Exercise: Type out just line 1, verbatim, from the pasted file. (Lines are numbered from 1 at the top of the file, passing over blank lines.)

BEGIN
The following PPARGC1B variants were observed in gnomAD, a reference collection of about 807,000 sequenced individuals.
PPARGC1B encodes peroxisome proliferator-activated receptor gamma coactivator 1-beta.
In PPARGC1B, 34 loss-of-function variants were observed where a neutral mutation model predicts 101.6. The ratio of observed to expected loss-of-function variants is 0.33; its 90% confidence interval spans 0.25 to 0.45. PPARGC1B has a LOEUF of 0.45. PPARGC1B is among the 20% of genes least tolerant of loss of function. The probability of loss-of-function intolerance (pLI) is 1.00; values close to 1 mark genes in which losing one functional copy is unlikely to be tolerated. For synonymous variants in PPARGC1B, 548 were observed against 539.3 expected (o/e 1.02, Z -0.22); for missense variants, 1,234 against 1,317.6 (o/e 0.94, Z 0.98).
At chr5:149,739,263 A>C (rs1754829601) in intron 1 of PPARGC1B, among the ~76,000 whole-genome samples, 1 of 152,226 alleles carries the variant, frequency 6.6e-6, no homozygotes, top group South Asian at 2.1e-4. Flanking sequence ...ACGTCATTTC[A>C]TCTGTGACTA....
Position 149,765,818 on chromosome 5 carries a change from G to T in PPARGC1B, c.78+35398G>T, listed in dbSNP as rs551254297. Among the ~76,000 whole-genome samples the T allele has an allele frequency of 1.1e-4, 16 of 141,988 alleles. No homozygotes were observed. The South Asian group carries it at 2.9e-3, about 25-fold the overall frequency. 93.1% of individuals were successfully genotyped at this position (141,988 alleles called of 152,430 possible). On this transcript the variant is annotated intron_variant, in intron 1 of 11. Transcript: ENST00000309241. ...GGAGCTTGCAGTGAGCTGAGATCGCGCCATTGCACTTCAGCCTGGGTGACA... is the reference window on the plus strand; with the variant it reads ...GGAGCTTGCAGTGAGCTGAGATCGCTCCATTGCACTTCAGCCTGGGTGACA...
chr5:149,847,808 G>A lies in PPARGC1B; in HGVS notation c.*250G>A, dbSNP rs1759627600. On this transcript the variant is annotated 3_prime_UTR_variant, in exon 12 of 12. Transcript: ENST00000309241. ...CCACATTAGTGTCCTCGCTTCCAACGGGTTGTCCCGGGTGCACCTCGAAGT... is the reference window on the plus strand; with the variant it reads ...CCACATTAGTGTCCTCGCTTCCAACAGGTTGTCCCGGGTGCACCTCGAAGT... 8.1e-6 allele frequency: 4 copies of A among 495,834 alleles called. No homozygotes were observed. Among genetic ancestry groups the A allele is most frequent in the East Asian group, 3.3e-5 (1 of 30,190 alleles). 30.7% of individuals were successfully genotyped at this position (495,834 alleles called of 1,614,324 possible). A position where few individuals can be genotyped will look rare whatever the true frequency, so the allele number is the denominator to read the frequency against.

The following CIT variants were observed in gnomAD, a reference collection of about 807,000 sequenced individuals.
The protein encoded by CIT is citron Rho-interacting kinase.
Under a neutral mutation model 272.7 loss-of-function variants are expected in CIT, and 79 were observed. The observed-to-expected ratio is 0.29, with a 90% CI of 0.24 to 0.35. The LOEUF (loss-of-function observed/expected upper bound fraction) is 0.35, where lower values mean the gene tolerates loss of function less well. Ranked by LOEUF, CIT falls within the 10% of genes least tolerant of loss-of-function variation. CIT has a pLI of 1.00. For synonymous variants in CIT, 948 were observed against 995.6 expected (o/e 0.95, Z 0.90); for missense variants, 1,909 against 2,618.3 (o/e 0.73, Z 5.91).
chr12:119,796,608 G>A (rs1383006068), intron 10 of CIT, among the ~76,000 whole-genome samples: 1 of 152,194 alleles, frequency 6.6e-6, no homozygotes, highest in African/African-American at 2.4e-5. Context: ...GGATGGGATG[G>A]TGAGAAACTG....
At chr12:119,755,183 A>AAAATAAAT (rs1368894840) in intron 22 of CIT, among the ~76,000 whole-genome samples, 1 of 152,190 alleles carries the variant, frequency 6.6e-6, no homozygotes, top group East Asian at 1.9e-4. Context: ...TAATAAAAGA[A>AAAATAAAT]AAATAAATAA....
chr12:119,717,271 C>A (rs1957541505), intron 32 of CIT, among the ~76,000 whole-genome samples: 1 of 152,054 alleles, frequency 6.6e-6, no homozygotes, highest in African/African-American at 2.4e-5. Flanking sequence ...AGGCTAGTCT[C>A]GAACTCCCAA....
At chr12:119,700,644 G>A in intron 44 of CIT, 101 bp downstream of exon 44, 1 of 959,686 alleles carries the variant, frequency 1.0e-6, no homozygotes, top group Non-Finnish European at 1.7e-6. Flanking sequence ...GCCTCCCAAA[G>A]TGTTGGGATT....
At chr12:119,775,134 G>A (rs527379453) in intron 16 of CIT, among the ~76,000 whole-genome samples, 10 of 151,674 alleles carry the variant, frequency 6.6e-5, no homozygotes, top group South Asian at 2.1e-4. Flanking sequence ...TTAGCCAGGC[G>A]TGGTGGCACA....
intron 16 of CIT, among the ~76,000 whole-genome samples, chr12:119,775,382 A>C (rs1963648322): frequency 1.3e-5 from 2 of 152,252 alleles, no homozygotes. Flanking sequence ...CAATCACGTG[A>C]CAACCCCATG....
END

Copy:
The following PPARGC1B variants were observed in gnomAD, a reference collection of about 807,000 sequenced individuals.